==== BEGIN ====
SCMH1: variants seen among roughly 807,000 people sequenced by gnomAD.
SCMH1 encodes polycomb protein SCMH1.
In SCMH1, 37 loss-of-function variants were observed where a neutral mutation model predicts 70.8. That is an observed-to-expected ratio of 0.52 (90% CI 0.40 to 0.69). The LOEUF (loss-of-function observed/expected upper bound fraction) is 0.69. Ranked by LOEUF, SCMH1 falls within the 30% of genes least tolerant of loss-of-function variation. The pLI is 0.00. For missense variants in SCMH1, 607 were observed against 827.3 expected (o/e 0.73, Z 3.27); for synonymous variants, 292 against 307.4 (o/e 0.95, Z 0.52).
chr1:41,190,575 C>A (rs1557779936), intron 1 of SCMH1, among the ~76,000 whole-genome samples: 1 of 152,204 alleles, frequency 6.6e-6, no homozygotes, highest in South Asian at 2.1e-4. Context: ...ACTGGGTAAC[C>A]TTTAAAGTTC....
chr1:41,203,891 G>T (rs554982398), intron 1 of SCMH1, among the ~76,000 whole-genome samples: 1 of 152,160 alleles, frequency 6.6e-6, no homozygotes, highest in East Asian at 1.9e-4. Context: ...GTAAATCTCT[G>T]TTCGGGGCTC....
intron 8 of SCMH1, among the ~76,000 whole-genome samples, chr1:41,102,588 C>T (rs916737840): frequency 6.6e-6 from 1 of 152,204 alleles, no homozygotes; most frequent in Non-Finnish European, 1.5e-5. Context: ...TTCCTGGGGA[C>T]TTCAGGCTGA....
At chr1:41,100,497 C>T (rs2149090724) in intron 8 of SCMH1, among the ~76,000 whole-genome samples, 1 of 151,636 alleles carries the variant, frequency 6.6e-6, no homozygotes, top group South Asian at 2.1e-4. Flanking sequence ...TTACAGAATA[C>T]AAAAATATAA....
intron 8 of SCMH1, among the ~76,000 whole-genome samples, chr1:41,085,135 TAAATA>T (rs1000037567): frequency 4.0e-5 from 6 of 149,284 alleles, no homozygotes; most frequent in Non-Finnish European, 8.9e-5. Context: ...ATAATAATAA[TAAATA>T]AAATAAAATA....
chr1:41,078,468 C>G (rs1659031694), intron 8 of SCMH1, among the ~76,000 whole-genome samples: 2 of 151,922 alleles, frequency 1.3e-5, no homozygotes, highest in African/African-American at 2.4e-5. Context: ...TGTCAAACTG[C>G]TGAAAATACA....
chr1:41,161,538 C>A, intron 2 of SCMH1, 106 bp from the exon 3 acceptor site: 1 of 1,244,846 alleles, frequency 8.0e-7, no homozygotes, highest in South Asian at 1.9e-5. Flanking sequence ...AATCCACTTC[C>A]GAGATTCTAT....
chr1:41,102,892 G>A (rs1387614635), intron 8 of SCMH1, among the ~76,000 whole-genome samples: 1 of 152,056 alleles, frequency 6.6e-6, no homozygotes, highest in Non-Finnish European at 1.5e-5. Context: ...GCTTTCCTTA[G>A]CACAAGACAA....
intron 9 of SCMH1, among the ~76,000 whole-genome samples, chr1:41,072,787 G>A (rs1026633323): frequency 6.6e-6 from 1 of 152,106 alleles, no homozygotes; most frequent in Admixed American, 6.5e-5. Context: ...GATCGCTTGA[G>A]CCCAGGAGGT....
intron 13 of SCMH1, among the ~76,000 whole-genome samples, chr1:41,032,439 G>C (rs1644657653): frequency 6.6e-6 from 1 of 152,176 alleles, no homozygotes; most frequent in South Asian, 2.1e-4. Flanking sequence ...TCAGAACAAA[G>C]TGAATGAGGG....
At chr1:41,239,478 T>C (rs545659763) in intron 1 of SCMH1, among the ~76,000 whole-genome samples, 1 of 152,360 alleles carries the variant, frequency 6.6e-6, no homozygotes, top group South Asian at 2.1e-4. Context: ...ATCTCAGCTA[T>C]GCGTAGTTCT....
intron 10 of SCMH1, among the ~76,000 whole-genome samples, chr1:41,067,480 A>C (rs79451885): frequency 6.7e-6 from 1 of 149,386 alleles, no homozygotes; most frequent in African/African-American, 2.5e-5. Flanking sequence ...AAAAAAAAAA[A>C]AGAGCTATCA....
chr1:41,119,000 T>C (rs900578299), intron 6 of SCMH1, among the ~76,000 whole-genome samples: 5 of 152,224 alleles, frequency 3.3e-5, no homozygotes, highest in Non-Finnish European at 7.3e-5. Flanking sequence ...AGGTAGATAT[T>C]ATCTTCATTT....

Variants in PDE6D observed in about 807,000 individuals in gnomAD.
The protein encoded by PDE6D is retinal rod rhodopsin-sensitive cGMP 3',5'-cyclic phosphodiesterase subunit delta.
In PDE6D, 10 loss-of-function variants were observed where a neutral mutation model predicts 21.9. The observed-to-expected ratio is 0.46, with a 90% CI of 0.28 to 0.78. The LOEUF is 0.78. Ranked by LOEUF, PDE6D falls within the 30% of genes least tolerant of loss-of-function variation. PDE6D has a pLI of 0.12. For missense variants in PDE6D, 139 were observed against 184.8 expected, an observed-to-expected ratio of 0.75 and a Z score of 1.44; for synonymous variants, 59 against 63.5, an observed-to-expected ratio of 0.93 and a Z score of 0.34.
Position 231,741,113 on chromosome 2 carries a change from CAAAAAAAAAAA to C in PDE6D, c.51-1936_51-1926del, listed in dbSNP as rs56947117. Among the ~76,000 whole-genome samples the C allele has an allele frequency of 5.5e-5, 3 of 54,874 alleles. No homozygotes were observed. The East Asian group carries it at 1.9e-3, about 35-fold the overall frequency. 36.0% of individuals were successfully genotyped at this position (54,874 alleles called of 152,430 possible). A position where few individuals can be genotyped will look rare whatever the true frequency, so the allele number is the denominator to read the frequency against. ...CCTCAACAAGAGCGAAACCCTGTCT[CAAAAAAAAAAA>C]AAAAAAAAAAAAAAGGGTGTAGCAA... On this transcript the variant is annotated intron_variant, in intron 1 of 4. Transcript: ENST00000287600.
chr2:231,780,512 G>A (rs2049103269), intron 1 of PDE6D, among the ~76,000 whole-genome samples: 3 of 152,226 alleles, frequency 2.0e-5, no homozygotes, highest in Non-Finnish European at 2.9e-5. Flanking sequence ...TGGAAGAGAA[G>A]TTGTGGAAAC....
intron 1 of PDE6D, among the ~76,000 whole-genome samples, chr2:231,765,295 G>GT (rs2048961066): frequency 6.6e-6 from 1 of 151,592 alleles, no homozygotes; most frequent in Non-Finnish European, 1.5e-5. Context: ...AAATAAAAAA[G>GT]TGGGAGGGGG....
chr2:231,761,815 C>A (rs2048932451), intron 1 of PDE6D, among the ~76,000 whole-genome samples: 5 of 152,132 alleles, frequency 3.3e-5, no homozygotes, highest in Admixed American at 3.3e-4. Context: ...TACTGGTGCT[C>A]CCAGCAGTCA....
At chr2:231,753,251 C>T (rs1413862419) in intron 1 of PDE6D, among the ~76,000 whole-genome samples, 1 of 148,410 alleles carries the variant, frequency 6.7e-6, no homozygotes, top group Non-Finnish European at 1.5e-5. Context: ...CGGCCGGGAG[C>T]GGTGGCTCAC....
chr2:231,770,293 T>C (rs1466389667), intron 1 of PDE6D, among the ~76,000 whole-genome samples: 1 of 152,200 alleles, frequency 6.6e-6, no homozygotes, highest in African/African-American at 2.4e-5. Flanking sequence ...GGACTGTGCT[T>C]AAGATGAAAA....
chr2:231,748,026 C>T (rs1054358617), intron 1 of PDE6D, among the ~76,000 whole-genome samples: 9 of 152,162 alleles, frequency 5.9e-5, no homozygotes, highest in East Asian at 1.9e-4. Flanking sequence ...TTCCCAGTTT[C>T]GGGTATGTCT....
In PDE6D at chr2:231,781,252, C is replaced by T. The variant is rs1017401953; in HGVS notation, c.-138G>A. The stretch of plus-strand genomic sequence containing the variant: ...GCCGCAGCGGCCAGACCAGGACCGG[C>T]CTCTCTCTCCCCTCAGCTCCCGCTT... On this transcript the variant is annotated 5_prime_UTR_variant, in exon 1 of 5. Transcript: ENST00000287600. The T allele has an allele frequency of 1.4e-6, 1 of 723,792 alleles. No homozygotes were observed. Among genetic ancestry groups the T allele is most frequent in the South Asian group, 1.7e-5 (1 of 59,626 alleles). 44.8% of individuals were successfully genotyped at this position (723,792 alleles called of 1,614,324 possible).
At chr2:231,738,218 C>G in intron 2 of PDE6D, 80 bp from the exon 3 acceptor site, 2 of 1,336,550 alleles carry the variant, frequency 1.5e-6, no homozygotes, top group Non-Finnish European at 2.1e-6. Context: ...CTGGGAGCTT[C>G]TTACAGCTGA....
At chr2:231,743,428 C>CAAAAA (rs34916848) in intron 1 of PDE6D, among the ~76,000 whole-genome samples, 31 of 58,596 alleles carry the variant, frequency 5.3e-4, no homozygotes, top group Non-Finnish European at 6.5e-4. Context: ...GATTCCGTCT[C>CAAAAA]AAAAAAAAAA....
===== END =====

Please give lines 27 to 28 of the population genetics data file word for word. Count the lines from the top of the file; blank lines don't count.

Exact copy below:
In PDE6D at chr2:231,781,252, C is replaced by T. The variant is rs1017401953; in HGVS notation, c.-138G>A. The stretch of plus-strand genomic sequence containing the variant: ...GCCGCAGCGGCCAGACCAGGACCGG[C>T]CTCTCTCTCCCCTCAGCTCCCGCTT... On this transcript the variant is annotated 5_prime_UTR_variant, in exon 1 of 5. Transcript: ENST00000287600. The T allele has an allele frequency of 1.4e-6, 1 of 723,792 alleles. No homozygotes were observed. Among genetic ancestry groups the T allele is most frequent in the South Asian group, 1.7e-5 (1 of 59,626 alleles). 44.8% of individuals were successfully genotyped at this position (723,792 alleles called of 1,614,324 possible).
At chr2:231,738,218 C>G in intron 2 of PDE6D, 80 bp from the exon 3 acceptor site, 2 of 1,336,550 alleles carry the variant, frequency 1.5e-6, no homozygotes, top group Non-Finnish European at 2.1e-6. Context: ...CTGGGAGCTT[C>G]TTACAGCTGA....